Healthsomeness Written Logo


This article is part of a larger article titled "100+ Healthiest Foods On Planet Earth."  Read it here.

Okra Nutritional Information (per 100g)

Water: 89.6 g
Calories: 33 kcal
Protein: 1.9 g
Carbohydrate: 7.5 g
Dietary fiber: 3.2 g
Sugars: 1.5 g
Fat: 0.2 g
Vitamin C: 23 mg
Vitamin B1: 0.2 mg
Vitamin B2: 0.1 mg
Vitamin B3: 1 mg
Vitamin B6: 0.2 mg
Vitamin B9: 60 μg
Vitamin A: 36 μg
Vitamin E: 0.3 mg
Vitamin K: 31.3 μg
Calcium: 82 mg
Iron: 0.6 mg
Magnesium: 57 mg
Phosphorus: 61 mg
Potassium: 299 mg
Sodium: 7 mg
Zinc: 0.6 mg

Okra (also known as ladies’ fingers or gumbo) is a flowering plant used extensively in Indian, African and Caribbean cuisine, to name a few. Delicious roasted, fried or even pickled, okra is a fantastic addition to dishes like curries and stir fries.

It is a very nutrient-dense food with a distinctive mucilaginous (slimy) texture that can be removed with cooking or kept, depending on your preference. With a solid nutritional profile, and real potential when it comes to the management of diabetes and your digestive health, okra are certainly worthy of a place on this list.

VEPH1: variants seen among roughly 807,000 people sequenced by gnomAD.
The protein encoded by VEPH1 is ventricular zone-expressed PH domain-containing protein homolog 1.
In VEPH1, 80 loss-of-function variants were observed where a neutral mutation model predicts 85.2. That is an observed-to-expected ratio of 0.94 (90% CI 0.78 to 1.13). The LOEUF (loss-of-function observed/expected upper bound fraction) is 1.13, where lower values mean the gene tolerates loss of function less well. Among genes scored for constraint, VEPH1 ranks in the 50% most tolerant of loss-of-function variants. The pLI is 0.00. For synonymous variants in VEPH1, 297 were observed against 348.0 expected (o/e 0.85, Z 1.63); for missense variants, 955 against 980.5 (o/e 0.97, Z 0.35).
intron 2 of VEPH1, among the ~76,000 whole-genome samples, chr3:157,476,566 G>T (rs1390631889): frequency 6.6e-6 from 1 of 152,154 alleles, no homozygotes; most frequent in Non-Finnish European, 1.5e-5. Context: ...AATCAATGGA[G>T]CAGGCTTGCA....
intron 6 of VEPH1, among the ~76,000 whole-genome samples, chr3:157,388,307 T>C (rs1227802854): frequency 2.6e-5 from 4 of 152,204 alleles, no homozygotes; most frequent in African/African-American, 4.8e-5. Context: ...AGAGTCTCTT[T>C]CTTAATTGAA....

Okra are a low calorie vegetable. 100g of okra contains just 33 calories. This relative lack of energy value doesn’t come at the expense of vitamins and minerals however: 100g of okra contains 38% of your daily value (DV) of vitamin C, 14% DV of vitamin A, 10 % DV of vitamin B6, 14% DV of magnesium, and 12% DV of dietary fibre.

To deal with the vitamins first, vitamins A C and B6 are essential for the health of your eyes, heart and immune system respectively, among a plethora of other important roles in the body. Magnesium, a mineral many are deficient in, is an important part of cardiovascular health, and dietary fibre is essential for digestive health.

Okra also has two main researched health advantages: it has benefits for the management of diabetes and associated conditions, and also has digestive benefits.

It has been shown to have potential when it comes to the management of diabetes. This is because studies on rats with induced diabetes have shown that okra can help to lower both blood sugar and fat levels, essential for the management of the disease. Research also points to potential therapeutic benefits for managing diabetic neuropathy, a complication of diabetes.

Okra also has excellent benefits when it comes to improving your digestive health. To begin with, it has been proven to have considerable anti-adhesive properties against helicobacter pylori (H. pylori) adhesion. H. pylori is a bacteria found in the stomach that may contribute to the formation of ulcers and eventually stomach cancer.

When we say that okra has an anti-adhesive effect, we mean, in essence, that they remove the adhesive between the bacteria and the stomach tissue, preventing the culture from spreading. Also, the okra’s mucilaginous properties benefit digestive health in a more day to day sense.